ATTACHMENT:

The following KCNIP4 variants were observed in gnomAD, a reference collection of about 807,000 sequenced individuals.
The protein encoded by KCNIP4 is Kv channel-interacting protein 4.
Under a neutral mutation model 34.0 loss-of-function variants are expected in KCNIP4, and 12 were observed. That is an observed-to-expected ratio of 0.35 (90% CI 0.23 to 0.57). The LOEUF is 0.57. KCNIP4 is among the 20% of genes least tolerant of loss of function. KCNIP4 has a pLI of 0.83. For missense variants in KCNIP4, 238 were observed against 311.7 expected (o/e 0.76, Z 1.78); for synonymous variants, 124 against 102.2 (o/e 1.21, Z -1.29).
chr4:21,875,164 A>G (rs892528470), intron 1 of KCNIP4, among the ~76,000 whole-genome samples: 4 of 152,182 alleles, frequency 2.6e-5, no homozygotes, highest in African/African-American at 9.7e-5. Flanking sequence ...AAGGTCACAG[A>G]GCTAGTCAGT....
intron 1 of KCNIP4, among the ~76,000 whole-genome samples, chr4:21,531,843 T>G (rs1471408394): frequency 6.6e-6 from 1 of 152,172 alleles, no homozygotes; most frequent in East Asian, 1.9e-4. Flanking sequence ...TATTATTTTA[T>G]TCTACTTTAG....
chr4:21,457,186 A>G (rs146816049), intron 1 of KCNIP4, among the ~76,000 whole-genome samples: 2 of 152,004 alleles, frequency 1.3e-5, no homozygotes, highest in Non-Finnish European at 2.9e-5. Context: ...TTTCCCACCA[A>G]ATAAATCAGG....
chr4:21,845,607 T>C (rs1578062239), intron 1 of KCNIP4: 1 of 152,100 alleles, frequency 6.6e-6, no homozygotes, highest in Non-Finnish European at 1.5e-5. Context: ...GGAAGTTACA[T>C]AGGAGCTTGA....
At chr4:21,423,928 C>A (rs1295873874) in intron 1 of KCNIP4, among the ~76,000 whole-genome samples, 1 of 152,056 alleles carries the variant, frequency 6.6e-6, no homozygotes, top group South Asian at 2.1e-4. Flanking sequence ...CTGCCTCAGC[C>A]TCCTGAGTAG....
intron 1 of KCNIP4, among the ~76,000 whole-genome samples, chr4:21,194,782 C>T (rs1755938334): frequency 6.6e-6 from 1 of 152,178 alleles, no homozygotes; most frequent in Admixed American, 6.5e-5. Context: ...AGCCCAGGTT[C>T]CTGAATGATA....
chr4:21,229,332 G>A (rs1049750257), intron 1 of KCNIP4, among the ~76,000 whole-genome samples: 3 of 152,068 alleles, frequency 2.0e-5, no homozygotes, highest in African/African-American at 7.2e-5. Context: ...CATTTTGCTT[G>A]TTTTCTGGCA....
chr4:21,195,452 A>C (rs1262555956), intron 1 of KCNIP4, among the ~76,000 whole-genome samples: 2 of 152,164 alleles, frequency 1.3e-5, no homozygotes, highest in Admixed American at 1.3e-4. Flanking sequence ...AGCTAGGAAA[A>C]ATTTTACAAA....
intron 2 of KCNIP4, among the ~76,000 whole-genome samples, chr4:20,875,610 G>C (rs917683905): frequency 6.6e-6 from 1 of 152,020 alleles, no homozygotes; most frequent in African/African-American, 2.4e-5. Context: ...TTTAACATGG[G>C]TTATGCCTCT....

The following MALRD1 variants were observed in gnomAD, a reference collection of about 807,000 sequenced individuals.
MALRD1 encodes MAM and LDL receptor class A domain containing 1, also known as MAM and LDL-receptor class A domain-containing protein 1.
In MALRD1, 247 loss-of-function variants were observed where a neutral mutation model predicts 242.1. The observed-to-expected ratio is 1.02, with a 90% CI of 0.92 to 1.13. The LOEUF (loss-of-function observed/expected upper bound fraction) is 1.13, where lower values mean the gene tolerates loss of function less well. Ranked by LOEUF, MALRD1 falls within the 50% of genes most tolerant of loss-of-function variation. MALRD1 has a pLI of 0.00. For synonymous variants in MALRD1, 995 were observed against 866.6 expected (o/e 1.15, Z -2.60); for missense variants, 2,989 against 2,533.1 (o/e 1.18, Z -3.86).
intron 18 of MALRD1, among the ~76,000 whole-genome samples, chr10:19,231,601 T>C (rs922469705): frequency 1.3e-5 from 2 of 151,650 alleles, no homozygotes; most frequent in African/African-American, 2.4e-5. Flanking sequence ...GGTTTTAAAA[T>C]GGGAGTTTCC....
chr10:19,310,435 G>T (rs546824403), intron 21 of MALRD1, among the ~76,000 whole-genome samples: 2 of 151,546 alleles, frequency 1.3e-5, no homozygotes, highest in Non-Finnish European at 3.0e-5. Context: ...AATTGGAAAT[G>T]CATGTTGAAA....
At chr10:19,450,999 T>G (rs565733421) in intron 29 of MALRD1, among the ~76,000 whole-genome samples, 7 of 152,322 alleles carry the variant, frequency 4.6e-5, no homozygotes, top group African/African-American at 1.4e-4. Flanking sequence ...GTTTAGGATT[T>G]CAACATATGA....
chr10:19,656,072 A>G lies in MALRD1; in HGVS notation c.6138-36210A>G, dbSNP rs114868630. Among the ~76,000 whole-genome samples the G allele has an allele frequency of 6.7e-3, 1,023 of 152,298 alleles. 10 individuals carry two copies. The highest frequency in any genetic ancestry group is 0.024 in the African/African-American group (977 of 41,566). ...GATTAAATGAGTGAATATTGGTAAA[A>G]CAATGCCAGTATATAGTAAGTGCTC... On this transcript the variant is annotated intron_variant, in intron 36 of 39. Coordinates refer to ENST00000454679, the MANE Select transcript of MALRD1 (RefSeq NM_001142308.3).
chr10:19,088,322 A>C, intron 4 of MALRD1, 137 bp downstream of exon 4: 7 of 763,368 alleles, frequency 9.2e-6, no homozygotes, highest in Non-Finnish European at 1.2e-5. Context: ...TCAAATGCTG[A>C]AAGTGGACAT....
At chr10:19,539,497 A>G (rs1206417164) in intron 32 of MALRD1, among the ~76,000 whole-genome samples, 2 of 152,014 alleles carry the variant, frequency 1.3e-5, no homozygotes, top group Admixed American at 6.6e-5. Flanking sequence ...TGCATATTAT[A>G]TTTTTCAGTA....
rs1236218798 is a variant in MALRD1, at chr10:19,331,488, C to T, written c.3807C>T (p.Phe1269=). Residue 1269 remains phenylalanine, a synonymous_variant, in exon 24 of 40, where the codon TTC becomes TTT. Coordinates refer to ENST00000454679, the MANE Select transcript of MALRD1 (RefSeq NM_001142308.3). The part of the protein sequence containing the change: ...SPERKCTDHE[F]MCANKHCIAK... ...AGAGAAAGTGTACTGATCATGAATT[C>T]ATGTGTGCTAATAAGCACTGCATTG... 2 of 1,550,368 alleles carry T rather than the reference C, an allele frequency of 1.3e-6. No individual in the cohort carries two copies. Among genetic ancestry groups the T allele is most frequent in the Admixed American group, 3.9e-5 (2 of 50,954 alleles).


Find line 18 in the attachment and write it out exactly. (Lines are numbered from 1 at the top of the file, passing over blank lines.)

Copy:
At chr10:19,450,999 T>G (rs565733421) in intron 29 of MALRD1, among the ~76,000 whole-genome samples, 7 of 152,322 alleles carry the variant, frequency 4.6e-5, no homozygotes, top group African/African-American at 1.4e-4. Flanking sequence ...GTTTAGGATT[T>G]CAACATATGA....